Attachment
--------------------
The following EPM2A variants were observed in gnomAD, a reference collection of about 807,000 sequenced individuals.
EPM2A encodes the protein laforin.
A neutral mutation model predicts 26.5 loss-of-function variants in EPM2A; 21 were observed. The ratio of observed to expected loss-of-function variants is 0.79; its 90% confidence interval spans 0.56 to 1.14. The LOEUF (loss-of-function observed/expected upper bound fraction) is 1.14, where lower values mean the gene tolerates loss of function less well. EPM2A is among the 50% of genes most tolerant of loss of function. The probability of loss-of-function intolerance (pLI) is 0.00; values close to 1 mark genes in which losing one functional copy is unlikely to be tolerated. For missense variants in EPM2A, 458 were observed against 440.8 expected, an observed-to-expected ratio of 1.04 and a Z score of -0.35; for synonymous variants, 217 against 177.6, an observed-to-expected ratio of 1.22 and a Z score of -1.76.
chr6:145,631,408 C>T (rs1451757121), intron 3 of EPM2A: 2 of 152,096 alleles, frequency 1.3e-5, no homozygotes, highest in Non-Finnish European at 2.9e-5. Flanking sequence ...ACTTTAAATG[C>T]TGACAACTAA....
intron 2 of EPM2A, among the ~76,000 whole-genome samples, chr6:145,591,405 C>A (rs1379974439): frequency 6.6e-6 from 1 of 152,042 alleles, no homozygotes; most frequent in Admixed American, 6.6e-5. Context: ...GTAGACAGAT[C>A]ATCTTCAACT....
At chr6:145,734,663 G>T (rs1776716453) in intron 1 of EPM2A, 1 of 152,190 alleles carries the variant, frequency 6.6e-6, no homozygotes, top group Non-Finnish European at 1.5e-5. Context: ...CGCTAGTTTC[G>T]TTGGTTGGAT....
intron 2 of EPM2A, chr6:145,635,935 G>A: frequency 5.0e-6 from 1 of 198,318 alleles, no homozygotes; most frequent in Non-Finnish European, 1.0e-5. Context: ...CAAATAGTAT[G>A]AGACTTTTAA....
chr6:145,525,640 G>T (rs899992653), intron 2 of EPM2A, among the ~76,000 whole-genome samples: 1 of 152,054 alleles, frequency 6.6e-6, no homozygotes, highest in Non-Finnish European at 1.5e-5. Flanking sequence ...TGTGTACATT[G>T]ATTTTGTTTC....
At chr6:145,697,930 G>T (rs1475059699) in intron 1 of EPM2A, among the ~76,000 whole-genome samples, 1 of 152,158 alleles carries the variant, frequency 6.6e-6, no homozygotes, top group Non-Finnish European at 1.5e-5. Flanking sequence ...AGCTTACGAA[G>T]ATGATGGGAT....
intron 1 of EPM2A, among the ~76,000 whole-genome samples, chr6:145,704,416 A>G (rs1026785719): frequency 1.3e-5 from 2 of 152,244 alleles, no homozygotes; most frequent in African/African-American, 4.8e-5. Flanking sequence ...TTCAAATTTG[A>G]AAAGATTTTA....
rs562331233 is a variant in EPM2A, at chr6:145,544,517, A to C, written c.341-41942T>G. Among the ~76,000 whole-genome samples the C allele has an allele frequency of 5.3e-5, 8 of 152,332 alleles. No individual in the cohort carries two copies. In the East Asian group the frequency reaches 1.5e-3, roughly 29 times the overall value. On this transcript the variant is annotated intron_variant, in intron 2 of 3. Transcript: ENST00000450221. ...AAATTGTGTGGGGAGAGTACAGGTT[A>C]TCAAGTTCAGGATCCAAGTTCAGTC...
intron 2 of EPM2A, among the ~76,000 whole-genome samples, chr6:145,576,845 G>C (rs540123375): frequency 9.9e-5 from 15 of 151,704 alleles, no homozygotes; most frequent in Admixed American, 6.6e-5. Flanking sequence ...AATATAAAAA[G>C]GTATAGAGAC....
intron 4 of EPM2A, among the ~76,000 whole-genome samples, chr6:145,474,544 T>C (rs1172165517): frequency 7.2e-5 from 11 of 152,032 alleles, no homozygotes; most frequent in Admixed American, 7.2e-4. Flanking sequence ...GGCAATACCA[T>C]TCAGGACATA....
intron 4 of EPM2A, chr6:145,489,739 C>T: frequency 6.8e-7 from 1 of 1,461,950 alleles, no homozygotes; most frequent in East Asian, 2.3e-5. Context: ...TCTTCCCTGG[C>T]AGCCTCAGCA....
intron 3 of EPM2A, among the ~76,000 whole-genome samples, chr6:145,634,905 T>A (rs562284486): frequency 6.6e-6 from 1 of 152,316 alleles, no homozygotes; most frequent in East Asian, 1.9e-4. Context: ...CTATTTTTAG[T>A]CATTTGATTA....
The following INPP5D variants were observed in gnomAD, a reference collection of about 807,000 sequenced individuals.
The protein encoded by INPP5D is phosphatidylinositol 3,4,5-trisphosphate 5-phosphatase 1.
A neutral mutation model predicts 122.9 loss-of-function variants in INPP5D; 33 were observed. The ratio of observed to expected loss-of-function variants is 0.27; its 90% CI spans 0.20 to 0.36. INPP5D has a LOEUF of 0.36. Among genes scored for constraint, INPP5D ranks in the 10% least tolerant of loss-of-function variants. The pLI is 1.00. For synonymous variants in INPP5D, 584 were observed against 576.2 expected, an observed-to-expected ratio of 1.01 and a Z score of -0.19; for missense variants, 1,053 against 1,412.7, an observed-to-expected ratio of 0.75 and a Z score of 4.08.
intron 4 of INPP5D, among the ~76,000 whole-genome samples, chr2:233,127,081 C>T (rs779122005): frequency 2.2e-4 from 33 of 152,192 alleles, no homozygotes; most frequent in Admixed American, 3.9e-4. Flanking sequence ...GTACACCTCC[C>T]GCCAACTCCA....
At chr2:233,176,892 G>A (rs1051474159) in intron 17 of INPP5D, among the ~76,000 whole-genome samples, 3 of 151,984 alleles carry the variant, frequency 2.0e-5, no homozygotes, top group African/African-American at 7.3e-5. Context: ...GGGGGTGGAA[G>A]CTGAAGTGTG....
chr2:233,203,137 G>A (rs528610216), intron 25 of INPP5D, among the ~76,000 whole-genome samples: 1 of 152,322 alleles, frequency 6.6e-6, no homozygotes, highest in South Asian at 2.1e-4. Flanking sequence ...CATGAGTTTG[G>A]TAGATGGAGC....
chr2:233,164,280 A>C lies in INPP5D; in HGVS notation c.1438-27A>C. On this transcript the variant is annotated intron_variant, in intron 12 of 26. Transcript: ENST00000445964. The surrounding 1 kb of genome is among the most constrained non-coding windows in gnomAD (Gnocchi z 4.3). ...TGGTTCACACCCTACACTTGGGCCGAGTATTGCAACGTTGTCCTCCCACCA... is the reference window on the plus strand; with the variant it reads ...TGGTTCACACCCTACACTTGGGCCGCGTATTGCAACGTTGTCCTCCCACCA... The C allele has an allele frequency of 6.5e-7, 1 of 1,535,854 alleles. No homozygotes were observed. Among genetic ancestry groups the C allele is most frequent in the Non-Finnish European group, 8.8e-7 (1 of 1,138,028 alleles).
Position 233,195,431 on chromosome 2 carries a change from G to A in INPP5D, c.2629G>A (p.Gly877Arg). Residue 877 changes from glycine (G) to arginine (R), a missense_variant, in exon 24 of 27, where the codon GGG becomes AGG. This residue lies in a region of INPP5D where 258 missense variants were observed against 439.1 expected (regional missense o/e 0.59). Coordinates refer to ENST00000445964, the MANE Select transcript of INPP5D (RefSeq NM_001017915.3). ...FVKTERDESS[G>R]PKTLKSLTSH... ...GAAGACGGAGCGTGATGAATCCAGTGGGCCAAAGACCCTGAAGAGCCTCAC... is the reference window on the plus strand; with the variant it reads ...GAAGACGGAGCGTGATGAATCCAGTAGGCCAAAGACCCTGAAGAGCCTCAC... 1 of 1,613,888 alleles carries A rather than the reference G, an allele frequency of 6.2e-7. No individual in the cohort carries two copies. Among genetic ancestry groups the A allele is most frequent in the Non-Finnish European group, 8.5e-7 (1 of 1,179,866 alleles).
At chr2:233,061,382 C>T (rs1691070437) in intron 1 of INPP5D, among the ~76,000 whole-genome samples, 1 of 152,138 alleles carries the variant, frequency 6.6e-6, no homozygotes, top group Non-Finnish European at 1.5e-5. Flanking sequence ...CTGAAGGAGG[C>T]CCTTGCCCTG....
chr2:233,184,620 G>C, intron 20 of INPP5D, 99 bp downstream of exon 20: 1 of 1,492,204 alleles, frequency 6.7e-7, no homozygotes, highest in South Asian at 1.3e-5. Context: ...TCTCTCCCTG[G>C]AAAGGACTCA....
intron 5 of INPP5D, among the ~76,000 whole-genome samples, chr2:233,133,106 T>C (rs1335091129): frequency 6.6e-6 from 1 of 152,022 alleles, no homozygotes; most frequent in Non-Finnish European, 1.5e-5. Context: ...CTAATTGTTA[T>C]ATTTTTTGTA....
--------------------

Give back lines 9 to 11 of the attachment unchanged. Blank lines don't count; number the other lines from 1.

At chr6:145,697,930 G>T (rs1475059699) in intron 1 of EPM2A, among the ~76,000 whole-genome samples, 1 of 152,158 alleles carries the variant, frequency 6.6e-6, no homozygotes, top group Non-Finnish European at 1.5e-5. Flanking sequence ...AGCTTACGAA[G>T]ATGATGGGAT....
intron 1 of EPM2A, among the ~76,000 whole-genome samples, chr6:145,704,416 A>G (rs1026785719): frequency 1.3e-5 from 2 of 152,244 alleles, no homozygotes; most frequent in African/African-American, 4.8e-5. Flanking sequence ...TTCAAATTTG[A>G]AAAGATTTTA....
rs562331233 is a variant in EPM2A, at chr6:145,544,517, A to C, written c.341-41942T>G. Among the ~76,000 whole-genome samples the C allele has an allele frequency of 5.3e-5, 8 of 152,332 alleles. No individual in the cohort carries two copies. In the East Asian group the frequency reaches 1.5e-3, roughly 29 times the overall value. On this transcript the variant is annotated intron_variant, in intron 2 of 3. Transcript: ENST00000450221. ...AAATTGTGTGGGGAGAGTACAGGTT[A>C]TCAAGTTCAGGATCCAAGTTCAGTC...